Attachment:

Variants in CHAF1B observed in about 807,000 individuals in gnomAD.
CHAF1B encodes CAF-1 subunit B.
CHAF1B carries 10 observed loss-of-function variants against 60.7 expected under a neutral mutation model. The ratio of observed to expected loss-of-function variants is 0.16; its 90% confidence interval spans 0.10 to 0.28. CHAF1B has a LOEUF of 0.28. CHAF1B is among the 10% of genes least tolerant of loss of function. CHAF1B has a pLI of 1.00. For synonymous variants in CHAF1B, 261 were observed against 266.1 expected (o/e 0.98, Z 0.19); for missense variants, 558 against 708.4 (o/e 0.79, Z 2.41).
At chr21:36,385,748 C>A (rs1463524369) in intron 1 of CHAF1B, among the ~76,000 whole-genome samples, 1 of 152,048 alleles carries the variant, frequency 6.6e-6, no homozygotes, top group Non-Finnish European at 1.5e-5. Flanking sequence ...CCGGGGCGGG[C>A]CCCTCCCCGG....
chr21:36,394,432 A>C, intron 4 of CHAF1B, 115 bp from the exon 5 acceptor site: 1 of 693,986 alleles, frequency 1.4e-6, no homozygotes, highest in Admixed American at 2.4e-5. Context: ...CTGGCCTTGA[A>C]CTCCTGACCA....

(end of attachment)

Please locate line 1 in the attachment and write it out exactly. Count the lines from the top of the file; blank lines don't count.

Variants in CHAF1B observed in about 807,000 individuals in gnomAD.